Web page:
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ISSUE 12  July 20, 2000



    The armyworm treatment decisions are getting tougher. As we approach harvesting, armyworms still pose a threat to small grains through head clipping. The treatment threshold recommended when head clipping occurs is 2 armyworm per square foot. There have been reports of populations as high as 10 to 14 per square foot in northwest Minnesota. So far, North Dakota has not had the high populations found just to the east. Armyworm populations in the Red River Valley have been in
the 1 to 4 per square foot range, when detected. These are still potentially troublesome numbers and scouting to determine infestations and damage are warranted.

    Crops adjacent to small grains or grassy areas where armyworms are present should be scouted for migrating worms. As food is depleted or declines in quality, armyworms will move in search of more to eat. Treating field margins ahead of the migrating larvae will halt their progress.



    The only reports of major activity continue to come from northwest North Dakota. Divide County has had populations large enough to justify treating. Areas south and east, towards Minot, have also had isolated fields with treatable levels. Several reports of threshold levels were from fields that were wheat on wheat.

    Continue to watch fields that are heading to early flowering in all northern ND counties. We are past peak emergence but significant adult activity can continue for the next 5 to 7 days. As expected, populations were down through most of the areas where midge have posed a problem. Finding the few fields with significant activity has been a challenge.



    Sanitation is an important program for preventing insect infestations. It is also critical to be thinking about storage of grain and things necessary to keep insects and other storage problems to a minimum. Last year, there were many problems associated with insects in stored grain that can be avoided with proper planning and handling.

    1. Clean outside around the bin, beneath perforated floors and inside ducts in addition to cleaning the bin. Sweep or vacuum grain dust and old grain from floors, walls and ceilings where hiding places exist for stored grain insects. If you can tell what has previously been in the bin, it is not clean. In bins where the perforated floor cannot be easily removed, chloropicrin grain fumigant can be applied to control insects in the sub-floor area. Chloropicrin is a highly toxic chemical and as such, all label
instructions and safety measures must be carefully adhered to. Debris and grain spills outside the bin also encourage rodents and insects which can then move in through openings.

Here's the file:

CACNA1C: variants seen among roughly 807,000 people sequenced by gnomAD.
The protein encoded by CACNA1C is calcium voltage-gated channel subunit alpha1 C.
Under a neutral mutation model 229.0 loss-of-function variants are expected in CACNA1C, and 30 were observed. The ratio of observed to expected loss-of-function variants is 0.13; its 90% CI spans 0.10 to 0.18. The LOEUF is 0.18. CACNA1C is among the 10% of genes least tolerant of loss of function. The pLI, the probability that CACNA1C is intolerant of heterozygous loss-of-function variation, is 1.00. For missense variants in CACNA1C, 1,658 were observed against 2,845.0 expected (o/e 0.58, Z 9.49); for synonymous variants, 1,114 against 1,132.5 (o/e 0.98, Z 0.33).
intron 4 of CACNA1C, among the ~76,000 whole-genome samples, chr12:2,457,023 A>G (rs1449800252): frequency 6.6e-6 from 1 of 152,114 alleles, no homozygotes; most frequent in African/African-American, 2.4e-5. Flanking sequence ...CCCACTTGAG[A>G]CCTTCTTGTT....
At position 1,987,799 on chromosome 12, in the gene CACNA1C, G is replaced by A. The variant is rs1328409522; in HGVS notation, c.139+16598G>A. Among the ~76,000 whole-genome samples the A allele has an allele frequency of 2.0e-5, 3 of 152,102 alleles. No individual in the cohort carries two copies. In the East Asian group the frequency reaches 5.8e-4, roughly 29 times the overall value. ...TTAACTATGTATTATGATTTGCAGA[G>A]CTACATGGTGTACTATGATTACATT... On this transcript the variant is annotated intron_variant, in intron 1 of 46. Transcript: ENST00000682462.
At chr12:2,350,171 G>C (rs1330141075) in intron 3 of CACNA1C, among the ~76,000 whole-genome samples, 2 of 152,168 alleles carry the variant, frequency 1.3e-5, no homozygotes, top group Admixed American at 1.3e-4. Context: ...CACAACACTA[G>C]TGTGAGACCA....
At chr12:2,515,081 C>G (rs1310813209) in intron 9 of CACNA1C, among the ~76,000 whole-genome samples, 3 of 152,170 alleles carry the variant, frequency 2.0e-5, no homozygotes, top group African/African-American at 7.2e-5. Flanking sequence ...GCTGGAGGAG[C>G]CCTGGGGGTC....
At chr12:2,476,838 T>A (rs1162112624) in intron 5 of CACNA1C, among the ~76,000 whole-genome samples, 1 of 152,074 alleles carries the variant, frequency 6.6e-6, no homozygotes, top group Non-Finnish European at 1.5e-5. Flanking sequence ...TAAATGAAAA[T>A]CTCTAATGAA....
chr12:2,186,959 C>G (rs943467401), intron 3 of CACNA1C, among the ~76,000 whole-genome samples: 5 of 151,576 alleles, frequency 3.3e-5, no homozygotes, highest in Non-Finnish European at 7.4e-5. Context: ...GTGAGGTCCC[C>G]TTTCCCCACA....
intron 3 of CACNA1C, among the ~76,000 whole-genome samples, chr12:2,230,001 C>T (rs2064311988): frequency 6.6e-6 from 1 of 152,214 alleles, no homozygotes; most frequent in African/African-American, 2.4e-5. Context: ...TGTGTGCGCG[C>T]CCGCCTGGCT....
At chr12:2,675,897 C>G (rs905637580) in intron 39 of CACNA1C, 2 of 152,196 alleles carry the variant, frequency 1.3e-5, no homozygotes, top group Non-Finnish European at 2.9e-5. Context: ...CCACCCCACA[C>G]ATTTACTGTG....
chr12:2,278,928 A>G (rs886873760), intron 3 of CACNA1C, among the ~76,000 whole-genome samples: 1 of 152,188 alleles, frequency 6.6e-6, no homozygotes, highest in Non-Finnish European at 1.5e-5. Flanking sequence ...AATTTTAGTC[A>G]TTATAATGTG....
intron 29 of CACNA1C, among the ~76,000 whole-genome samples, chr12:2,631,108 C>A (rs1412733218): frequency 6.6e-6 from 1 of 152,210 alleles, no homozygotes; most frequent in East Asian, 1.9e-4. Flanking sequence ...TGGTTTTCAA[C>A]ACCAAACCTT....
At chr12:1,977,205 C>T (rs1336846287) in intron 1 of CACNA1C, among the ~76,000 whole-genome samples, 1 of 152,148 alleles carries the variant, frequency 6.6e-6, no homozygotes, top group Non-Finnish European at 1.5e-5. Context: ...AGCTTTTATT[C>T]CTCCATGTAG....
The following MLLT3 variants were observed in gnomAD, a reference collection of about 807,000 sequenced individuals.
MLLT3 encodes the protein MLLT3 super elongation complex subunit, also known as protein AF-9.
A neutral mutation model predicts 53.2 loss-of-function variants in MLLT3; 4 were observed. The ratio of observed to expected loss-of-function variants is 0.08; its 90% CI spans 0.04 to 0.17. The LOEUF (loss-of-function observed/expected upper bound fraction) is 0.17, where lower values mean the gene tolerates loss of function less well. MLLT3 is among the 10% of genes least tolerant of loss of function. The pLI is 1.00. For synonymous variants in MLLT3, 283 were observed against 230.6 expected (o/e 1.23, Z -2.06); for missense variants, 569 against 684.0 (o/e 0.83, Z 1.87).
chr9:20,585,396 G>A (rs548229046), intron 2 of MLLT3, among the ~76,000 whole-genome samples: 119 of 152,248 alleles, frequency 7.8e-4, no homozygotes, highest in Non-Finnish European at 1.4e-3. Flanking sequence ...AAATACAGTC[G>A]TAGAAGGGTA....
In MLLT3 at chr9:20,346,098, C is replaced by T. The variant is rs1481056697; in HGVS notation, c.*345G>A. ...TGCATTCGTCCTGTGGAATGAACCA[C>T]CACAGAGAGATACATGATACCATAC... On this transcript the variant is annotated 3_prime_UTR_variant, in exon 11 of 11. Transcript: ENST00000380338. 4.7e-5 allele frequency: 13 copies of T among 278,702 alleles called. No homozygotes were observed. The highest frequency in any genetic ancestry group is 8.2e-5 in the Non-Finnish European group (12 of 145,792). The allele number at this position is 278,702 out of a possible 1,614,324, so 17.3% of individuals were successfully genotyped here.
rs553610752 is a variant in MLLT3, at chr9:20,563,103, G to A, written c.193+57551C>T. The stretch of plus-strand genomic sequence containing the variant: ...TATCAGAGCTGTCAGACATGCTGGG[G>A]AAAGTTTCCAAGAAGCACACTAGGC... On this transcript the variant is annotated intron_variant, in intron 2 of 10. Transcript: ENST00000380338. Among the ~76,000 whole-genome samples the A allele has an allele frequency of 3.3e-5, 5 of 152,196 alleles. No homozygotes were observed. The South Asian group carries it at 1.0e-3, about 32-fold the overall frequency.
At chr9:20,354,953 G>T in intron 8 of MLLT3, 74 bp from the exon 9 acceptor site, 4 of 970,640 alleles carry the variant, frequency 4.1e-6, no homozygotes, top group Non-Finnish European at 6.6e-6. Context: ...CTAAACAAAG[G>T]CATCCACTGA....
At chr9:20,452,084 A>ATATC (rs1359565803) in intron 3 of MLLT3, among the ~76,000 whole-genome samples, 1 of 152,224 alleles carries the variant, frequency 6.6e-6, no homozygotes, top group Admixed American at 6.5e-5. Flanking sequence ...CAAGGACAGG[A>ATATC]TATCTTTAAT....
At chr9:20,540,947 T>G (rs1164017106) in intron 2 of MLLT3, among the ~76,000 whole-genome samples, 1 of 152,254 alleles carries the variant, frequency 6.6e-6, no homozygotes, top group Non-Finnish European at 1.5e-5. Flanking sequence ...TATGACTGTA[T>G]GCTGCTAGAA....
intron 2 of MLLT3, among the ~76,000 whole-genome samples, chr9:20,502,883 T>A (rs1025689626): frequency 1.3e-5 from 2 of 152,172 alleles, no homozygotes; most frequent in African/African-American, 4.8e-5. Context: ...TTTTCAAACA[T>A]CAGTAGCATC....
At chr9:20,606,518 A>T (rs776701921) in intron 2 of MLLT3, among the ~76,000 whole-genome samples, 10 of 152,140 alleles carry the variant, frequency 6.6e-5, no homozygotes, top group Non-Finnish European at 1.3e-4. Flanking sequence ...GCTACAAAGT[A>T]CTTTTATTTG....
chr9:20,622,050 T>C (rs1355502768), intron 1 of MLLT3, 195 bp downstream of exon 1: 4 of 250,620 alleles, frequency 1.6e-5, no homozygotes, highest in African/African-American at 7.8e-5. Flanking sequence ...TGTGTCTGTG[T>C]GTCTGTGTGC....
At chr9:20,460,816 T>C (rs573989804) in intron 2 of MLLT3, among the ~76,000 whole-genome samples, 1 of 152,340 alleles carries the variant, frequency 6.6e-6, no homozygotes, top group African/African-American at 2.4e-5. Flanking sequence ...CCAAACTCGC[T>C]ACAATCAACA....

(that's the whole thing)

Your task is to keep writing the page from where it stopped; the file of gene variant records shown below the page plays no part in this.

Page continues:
2. When possible, avoid filling bins with new grain where some old grain is already present. This creates an ideal situation for insects in the bran bug group (sawtoothed grain beetles, flour beetles and the like).

    3. Roof leaks commonly lead to columns of spoiled grain. Check for these leaks by looking for light coming into the bin. Moisture coming into the bin through the seal between the bin and concrete will cause spoilage around the perimeter of the bin at the base. Check the seal since sealants do deteriorate. Water will run away from the seal at the base of the bin wall if the concrete is sloped away from the bin. Also check the seals around the doors and hatches.

    4. After cleaning and repairing, use a residual bin spray to treat the insect surfaces of the bins at least two weeks prior to filling. Recommended bin sprays are methoxychlor 2 lb EC, Reldan 4 lb EC or Tempo, applied according to label directions.

    5. If grain is to be held in storage for a year or more, it should be treated with a grain protectant such as malathion or Reldan. Be aware, however, that malathion will not control Indian meal moths, which commonly infest stored commodities in the state, and neither Reldan nor malathion will control lesser grain borers. Bacillus thuringiensis (Bt) sold as Dipel can be used as a surface treatment to control Indian meal moth, but it will not have any affect on beetle infestations (e.g., red
flour beetle, sawtoothed grain beetle, granary weevil, etc).

    Note: The American Malting Barley Association has a policy that does not allow for the use of any residual insecticide on malting barley. This would include the products malathion, and Reldan. These insecticides are allowable for use as residual bin sprays in bins that will be filled with malting barley. According to AMBA policy, the only chemical allowable for use on malting barley is phosphine (aluminum phosphide) fumigant to control an existing infestation.

    It is very important to note that in situations where grain drying is necessary, an insecticide protectant should be applied after the grain has gone through the drier. Commercial grain driers generate enough heat to rapidly degrade insecticides applied to grain prior to the drying process.

    6. In the fall, aerate to cool the crop and create a better storage environment in any bin larger than 2,000 to 3,000 bushel capacity. Determine if the aeration system in your bins will provide at least 1/10 cubic foot per minute (cfm) airflow for each bushel of crop being stored. Check the condition of the entire aeration system. You'll also need at least one square foot of opening in the bin for each 1000 cfm of airflow to allow the air to enter or exit from the bin. By gradually cooling
the stored grain through the fall, temperatures below 50EF should be achievable. At these temperatures, insect activity is reduced. The target temperature for stored grain should be 25EF for the winter. At this temperature, insect activity ceases and some mortality will occur for a number of our stored insect pests.

Phillip Glogoza
Extension Entomologist


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